A list of Monckton's allies (and enemies):

"To: Hans Schreuder, Rupert Wyndham, John Gahan
Cc: Climate Science Google Group, Brice Bosnich, Christopher Booker, James Delingpole,
John Christy, Nigel Lawson, Paul Reiter, Richard S. Lindzen, S. Fred Singer, BBC Radio Times Editor, Benny Peiser, Gabriel (Gabe) Rychert, Sally Allix, Angela Kelly, jo abbess, Mark Thompson (BBC), Caroline Thompson (BBC), Anthony Bright-Paul, Tony Nicholls, Andrew Montford, Humphrey Morison, David Bellamy, Sonja A. Boehmer-Christiansen, Charles Wyndham, Colin Bradshaw, Piers Corbyn, Peter Sissons, Philip Stott, David Evans, Fred Pearce, CWS, James Naughtie (BBC), John Humphrys (BBC), John Brignall, Kenneth Haapala, Rodney Leach, Physics Services, Melanie Phillips, Andrew Revkin, The Tablet, Andrew Tyrie (UK Parliament), Masters Secretary Trinity College Cambridge, Anthony Watts (Watts Up With That)"

By MapleLeaf (not verified) on 01 Feb 2011 #permalink

RW @6,

Do you have anything to support your assertion that:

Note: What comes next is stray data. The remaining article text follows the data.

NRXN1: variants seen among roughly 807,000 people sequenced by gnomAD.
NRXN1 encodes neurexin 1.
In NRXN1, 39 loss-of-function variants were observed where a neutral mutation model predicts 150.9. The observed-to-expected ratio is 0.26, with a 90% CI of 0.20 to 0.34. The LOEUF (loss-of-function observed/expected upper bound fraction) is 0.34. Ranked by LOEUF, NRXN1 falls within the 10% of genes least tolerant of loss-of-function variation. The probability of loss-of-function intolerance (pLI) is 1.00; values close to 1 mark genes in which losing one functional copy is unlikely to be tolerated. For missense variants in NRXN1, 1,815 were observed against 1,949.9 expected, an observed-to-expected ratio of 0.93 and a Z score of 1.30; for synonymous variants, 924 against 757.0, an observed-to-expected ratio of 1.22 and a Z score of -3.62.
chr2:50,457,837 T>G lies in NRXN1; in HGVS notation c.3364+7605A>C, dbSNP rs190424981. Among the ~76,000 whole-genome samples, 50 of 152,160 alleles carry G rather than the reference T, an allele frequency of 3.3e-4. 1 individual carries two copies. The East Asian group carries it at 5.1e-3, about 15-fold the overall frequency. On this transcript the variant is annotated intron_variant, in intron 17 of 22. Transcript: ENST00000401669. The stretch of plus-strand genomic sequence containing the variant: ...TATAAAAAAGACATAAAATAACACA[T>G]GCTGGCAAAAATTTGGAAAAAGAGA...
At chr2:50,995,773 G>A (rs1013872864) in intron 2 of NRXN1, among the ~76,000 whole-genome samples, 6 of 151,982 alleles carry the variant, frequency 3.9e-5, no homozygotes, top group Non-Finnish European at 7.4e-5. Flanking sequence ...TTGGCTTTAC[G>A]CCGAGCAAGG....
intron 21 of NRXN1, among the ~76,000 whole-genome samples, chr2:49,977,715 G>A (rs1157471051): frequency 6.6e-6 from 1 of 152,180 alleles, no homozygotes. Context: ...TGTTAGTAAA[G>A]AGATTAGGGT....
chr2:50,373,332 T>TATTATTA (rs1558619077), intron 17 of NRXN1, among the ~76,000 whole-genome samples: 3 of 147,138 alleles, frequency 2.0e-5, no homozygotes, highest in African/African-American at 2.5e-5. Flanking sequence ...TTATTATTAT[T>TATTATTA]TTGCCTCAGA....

"no changes to the program were made, and nor was its broadcast delayed"

What you say may well be true, but some evidence would be nice.

By MapleLeaf (not verified) on 01 Feb 2011 #permalink

The production company that managed the program is Fresh One Productions. They are based in South London and its evening here and tomorrow I'm going to ring them up to find out if the program was cut by 30 mins as Monckton says (I find that hard to believe because it was made for the Storyville strand on BBC4 which is approx an hour long) plus that 16 errors were removed or altered and finally that the beeb had to pay a large part of the court costs - beyond any costs of representation they may have been obliged to take.

I'll come back to you all in 15 hours or so.

Re. 5 Mapleleaf -- "A list of Monckton's allies..."

Email group: Climate Cranks Club.

Ah, Rupert Wyndham...

Climate Realists: Letter to Royal Society from Rupert Wyndham